Tony Rand

Anthony Eden Rand (September 1, 1939 – May 1, 2020) was an American attorney and politician who served as a member of the North Carolina General Assembly from 1981 to 1988 and again from 1995 to 2009.

Tony Rand
Member of the North Carolina Senate
from the 19th district
In office
1981–1988
In office
1995 – December 31, 2009
Succeeded byMargaret H. Dickson
Personal details
Born
Anthony Eden Rand

(1939-09-01)September 1, 1939
Panther Branch, North Carolina, U.S.
DiedMay 1, 2020(2020-05-01) (aged 80)
Blowing Rock, North Carolina, U.S.
Political partyDemocratic
Spouse(s)Karen
Children2, including Ripley
Alma materUniversity of North Carolina at Chapel Hill (BA, JD)
ProfessionAttorney

Early lifeEdit

Rand was born in southern Wake County, North Carolina, and graduated from Garner High School in 1957. He earned a bachelor's degree in political science from the University of North Carolina at Chapel Hill in 1961 and a law degree from the University of North Carolina School of Law 1964.[1]

CareerEdit

After serving for seven years, Rand left the Assembly to launch an unsuccessful bid for Lieutenant Governor of North Carolina in 1988, losing to Jim Gardner. Rand returned to the state Senate in 1995, where he served until his resignation in 2009.[2] His district included Bladen and Cumberland counties. A lawyer and consultant from Fayetteville, North Carolina, Rand served as Senate Majority Leader from 2001 through 2009. He was succeeded in the leadership post by Martin Nesbitt.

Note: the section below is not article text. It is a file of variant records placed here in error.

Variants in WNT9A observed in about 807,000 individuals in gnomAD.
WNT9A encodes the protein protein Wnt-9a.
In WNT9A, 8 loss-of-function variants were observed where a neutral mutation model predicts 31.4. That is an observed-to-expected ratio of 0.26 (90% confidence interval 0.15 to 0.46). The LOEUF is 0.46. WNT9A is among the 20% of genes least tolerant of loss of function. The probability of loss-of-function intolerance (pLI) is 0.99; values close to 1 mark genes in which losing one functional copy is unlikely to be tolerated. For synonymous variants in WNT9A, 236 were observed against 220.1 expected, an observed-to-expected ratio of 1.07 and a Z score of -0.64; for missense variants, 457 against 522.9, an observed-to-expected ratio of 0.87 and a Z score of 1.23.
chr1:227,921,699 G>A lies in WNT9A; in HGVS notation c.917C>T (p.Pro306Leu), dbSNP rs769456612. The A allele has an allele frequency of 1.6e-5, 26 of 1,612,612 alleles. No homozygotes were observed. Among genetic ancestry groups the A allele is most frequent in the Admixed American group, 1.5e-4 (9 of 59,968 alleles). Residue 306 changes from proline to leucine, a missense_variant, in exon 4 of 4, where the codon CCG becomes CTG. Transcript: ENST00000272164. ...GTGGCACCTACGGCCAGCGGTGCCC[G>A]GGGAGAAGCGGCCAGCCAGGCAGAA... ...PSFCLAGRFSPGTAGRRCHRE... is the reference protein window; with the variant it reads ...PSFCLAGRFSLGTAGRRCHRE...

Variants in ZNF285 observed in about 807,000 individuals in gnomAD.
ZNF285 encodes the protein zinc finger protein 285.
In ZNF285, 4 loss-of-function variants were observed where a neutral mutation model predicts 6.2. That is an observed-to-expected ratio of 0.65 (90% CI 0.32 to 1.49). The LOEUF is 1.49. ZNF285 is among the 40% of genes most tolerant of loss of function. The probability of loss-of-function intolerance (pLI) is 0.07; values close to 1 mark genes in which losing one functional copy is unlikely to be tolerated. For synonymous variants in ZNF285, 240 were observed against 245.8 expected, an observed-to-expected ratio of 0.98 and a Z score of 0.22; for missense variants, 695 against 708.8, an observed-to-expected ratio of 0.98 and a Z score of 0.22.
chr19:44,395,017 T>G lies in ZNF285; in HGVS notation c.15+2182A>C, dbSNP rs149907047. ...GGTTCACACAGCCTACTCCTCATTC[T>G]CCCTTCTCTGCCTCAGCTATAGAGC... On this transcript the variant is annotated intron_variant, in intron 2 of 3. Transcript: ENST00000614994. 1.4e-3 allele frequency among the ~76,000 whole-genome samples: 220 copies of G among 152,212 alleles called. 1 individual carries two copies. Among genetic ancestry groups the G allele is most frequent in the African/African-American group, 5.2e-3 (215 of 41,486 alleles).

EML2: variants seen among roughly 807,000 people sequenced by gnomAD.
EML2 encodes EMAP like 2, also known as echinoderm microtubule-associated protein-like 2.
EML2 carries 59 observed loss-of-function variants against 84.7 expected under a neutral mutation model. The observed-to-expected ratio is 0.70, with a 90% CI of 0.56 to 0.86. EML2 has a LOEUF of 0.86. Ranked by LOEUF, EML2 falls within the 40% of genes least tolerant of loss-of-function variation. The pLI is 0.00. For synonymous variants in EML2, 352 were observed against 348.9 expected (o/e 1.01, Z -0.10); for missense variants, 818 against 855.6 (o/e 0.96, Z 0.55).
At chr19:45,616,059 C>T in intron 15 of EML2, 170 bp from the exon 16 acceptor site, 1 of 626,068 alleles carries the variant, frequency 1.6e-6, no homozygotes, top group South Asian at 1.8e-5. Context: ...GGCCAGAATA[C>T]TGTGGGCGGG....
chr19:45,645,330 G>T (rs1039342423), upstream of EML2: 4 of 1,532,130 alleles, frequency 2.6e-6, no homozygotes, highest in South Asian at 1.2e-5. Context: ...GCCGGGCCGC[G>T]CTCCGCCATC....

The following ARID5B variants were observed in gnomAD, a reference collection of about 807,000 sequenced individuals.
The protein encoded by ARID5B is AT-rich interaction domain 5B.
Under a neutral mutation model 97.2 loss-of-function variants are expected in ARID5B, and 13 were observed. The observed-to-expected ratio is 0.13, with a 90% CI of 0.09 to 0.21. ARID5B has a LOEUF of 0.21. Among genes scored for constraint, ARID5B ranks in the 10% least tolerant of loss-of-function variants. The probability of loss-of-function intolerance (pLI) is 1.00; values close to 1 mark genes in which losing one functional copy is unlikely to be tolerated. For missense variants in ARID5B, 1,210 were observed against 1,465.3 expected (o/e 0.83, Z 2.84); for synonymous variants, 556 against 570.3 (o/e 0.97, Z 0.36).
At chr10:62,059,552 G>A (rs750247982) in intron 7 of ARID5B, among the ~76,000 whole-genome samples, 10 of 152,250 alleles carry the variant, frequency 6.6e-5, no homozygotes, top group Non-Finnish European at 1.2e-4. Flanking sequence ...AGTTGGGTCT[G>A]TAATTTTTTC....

In 2007, Rand proposed in Senate Bill S1557 that the state formally apologize for slavery and the denial of civil rights that followed after slavery.[3][4]

On May 28, 2008, Rand filed North Carolina Senate Bill 2079[5] requiring North Carolina college students to mentor public school-age children in order to receive a bachelor's degree. The bill was named for Eve Carson and Abhijit Mahato, two students murdered in North Carolina in 2008.[6]

After leaving the Senate, Rand was appointed to head the state Post-Release Supervision and Parole Commission.[7] He was also chairman of the board of Law Enforcement Associates Corp.[8] Later, he was chairman of the North Carolina Education Lottery Commission.[9]

Personal lifeEdit

Rand had two children, including attorney Ripley Rand, who served as United States Attorney for the Middle District of North Carolina. Rand died of cancer on May 1, 2020 in Blowing Rock, North Carolina. He was 80.[10]

ReferencesEdit

  1. ^ Dent, Anthony. "King Rand". Carolina Review. Archived from the original on 19 August 2012. Retrieved 10 April 2011.
  2. ^ News & Observer: Rand to resign Archived 2010-03-29 at the Wayback Machine
  3. ^ Senate Joint Resolution DRSJR85297-LG-480B (03/22) Senator Rand, Sponsor
  4. ^ Second slavery apology bill filed Archived 2007-05-10 at the Wayback Machine Lynn Bonner and Benjamin Niolet, The News & Observer, April 4, 2007
  5. ^ "Eve Carson/Abhijit Mahato Comm. Service Prog". North Carolina Senate. Retrieved 2008-05-29.
  6. ^ "Legislation seeks service requirement for undergrads in memory of 2 slain students". WRAL. May 28, 2008. Archived from the original on 2008-05-30. Retrieved 2008-05-29.
  7. ^ Parole Commissioners
  8. ^ "People: Law Enforcement Associates Corp (LAWEQ.PK)". Reuters. 30 December 2010. Retrieved 26 December 2011.
  9. ^ WRAL: Longtime Democratic legislative leader Tony Rand dies
  10. ^ Press, GARY D. ROBERTSON Associated. "Tony Rand, longtime N.C. senator, power broker, dies at 80". FOX Carolina. Retrieved 2020-05-01.

External linksEdit